Last week a team from the Product Stewardship Institute took a tour of a materials recovery facility (MRF; pronounced “murph”) operated by Casella Waste Systems in Charlestown, Massachusetts, which recycles material from municipalities in the Boston area. We would like to thank Lisa McMenemy, the Municipal Development Representative at Casella, for being such an informative tour guide and leading us through all the steps of the recycling process. The Charlestown MRF was converted to a single-stream (also known as Zero-Sort or fully-comingled) facility in 2009. The concept of single stream comes from Europe and is widely believed to dramatically increase the recycling rate because of the added convenience for consumers, although the quality of the materials recovered is lower. Single-stream allows for recyclable materials (such as cardboard, newspaper, aluminum cans, plastic bottles, and glass containers) to all be placed in the same bin. When we are so accustomed to ease of curbside collection and other convenient methods of recycling, it’s hard to imagine how complex process actually is.
The single-stream MRF that PSI visited was highly automated and use cutting edge technology in order to separate materials. The Charlestown MRF recycles around 750 tons of material every day and the most common material that is recycled is newspaper, which accounts for 60% of all the materials that are processed at the Charlestown site. The inflows of recyclable materials are highly seasonal, with some of the largest fluctuations coinciding around the holiday season and also university events such as graduations and moving days.
The first step in the recycling process is taken when trucks deliver loads of recyclable material to the MRF. The materials are dumped in large piles, which are then pushed onto conveyer belts by bobcats (also known as skid steers). Metering chains make sure that the materials are not stacked too high and will not encumber the sorting processs.
With all the materials spread out along the conveyer belt, the pre-sorting begins. The pre-sort is a labor-intensive step where materials that are not recyclable, or that may damage the equipment, are removed by hand. Plastic bags are by far the biggest contaminant in the recycling process, and are not able to be recycled once they get to the MRF. It is important to remember that even if you have good intentions and wish to recycle your grocery bags, the bags can slip through the pre-sort and end up in bales of other material. If a bale reaches a certain level of contamination, it can be rejected by a mill and must then be reprocessed, which requires additional energy, recycling time, and money. Everyone should reuse plastic bags as much as possible, and consider purchasing a durable canvas bag for shopping needs. If you want to recycle the plastic bags accumulating in your household, bring them to a store that collects them and don’t put them in your recycling bin or they willbecome a contaminant. There are national retailers offering collection programs across the country. Lowe’s and Target both offer complimentary recycling stations for plastic bags and you should be sure to check with you local grocer or retailer to see if they offer similar services as well.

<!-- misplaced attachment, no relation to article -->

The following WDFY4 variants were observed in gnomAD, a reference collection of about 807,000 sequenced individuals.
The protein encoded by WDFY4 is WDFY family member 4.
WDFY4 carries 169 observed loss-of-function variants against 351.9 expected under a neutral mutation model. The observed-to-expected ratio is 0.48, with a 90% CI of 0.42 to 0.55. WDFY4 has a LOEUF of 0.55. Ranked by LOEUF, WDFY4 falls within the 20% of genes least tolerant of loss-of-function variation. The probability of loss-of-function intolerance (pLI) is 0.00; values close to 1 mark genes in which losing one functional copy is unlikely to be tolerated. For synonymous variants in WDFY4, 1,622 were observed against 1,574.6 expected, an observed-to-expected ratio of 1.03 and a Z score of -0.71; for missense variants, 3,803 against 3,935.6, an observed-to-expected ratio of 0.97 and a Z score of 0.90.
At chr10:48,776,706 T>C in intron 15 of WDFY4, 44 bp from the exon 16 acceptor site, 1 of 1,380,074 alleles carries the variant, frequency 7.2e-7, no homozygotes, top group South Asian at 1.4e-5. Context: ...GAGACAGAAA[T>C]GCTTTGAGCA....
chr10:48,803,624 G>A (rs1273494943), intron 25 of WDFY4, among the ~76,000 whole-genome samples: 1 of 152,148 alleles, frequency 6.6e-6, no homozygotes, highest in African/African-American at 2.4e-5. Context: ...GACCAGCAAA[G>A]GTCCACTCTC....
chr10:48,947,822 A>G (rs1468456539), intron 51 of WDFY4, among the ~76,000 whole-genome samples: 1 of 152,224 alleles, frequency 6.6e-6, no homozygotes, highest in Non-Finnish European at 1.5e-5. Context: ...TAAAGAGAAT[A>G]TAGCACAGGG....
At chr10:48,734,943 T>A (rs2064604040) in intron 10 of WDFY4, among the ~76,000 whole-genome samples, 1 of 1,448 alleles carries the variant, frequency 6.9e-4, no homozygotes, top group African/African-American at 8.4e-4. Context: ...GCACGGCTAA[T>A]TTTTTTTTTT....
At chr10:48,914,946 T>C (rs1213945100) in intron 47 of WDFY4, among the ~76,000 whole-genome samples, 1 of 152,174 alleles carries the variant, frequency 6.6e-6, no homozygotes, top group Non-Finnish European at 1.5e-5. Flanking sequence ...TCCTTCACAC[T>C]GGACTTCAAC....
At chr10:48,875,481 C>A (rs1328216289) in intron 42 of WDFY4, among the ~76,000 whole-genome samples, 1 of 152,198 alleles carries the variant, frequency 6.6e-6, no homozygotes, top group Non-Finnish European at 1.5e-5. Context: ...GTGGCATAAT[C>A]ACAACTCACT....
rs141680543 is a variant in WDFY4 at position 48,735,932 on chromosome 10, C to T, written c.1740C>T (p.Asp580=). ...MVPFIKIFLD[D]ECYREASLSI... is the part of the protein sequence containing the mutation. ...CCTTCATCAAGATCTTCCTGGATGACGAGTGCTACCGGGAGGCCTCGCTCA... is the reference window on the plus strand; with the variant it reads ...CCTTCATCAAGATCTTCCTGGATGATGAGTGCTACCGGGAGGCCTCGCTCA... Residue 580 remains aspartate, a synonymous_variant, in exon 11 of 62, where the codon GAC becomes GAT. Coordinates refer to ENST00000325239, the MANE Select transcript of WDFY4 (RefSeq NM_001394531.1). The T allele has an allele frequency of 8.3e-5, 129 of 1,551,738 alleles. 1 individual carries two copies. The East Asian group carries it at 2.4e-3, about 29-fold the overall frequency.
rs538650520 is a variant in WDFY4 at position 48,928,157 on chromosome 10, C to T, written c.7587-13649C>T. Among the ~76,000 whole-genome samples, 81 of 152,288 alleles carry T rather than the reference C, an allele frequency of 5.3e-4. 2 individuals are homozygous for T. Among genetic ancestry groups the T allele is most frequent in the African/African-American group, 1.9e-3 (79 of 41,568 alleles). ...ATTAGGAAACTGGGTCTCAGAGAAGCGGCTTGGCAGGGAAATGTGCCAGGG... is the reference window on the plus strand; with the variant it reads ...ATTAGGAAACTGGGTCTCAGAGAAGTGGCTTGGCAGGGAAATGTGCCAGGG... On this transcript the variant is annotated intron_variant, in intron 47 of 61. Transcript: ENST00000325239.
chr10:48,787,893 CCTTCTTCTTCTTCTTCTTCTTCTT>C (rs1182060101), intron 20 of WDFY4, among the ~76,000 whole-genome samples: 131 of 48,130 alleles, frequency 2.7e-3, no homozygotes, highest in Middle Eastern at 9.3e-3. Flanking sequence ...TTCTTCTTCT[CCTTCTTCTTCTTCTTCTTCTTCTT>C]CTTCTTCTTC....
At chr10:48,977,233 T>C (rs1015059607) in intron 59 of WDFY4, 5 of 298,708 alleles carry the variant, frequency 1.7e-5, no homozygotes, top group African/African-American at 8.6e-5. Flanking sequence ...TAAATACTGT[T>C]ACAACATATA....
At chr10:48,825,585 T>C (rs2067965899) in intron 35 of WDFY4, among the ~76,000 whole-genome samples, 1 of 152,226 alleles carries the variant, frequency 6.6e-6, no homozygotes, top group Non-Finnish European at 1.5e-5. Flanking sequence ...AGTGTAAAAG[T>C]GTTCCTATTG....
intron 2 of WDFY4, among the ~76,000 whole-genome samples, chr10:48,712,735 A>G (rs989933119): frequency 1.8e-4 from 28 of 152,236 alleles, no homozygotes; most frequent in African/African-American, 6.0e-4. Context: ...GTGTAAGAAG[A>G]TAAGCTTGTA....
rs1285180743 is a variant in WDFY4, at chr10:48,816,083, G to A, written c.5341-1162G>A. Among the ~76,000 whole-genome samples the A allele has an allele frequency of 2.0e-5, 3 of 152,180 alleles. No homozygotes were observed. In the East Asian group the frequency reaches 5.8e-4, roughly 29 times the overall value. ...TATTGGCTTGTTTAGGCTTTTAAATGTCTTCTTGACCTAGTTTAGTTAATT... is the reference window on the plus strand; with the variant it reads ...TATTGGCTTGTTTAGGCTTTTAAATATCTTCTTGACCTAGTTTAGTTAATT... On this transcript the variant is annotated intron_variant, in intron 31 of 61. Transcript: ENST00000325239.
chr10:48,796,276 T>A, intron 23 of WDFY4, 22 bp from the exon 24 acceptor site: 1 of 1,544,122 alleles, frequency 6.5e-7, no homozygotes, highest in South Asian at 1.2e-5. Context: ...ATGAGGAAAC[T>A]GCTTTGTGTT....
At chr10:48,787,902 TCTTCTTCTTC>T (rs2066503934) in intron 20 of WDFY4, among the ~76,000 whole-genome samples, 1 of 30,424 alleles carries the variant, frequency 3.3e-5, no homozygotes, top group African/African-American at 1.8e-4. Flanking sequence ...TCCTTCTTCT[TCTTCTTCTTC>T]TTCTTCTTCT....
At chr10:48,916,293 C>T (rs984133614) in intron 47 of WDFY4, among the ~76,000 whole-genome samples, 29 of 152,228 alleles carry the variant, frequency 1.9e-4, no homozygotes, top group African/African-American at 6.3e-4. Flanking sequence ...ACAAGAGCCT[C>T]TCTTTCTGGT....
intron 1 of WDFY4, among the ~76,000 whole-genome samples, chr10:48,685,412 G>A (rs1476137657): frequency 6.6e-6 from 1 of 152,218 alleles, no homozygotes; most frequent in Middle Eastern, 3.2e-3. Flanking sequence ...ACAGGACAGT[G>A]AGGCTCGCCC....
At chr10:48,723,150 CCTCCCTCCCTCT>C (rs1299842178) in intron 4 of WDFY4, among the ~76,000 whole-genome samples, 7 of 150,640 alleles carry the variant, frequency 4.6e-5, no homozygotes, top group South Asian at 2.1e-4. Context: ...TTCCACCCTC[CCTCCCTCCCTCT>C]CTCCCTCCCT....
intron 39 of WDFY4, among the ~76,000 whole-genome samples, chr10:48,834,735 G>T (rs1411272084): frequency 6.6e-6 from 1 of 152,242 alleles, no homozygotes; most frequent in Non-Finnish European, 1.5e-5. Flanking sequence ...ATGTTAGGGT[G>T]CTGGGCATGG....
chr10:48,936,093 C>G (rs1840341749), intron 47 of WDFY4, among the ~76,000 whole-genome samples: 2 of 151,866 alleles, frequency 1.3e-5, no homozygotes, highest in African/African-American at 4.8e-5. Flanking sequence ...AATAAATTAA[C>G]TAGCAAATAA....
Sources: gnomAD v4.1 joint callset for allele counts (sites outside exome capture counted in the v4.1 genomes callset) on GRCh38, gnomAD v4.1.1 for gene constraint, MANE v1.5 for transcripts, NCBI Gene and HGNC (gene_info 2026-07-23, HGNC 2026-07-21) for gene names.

With the pre-sort complete, a series of screens then separates out light paper products, such as newspaper, from heavier products that will fall through the screens and move onto a further series of conveyer belts. The smallest objects, typically broken glass and shredded bits of paper, falls through the screen and sent to a belt beneath the entire system of screens, while the plastics and metals continue on.
Next, magnetic fields are used to force metal cans from the main conveyer belt. A magnetic current is calibrated so that steal and tin products are separated into one bunker, and a reverse magnetic field is used to so aluminum products are separated into another bunker.
Now that paper and metals have been removed from the conveyer belt, plastics are further separated by their physical properties. An optical sorter separates clear plastics, such as soda bottles, from opaque plastics, such as milk jugs. When the optical sorter identifies a material as a certain type of plastic, different forces of compressed air are shot at the conveyer belt and are adjusted to propel separate types of plastics into separate containers.
Once all the materials are sorted they are separated into bales that are sold to mills in order to be reprocessed into familiar products. Just a few examples of new products created from recycled materials are plastic bottles that will be converted into carpet and fleece, tin cans that will become rebar and bike parts, and cardboard which will be reclaimed as a lower grade of paper product such as cereal boxes. It is important to recycle as much as you can in order to create great products out of used materials, but it is important not to recycle material that may contaminate loads. Don’t hesitate to call your local waste management service provider to determine what materials are acceptable in your area. For those covered by Casella’s service you may visit http://www.casella.com/what-we-do/who-we-serve/town for more information.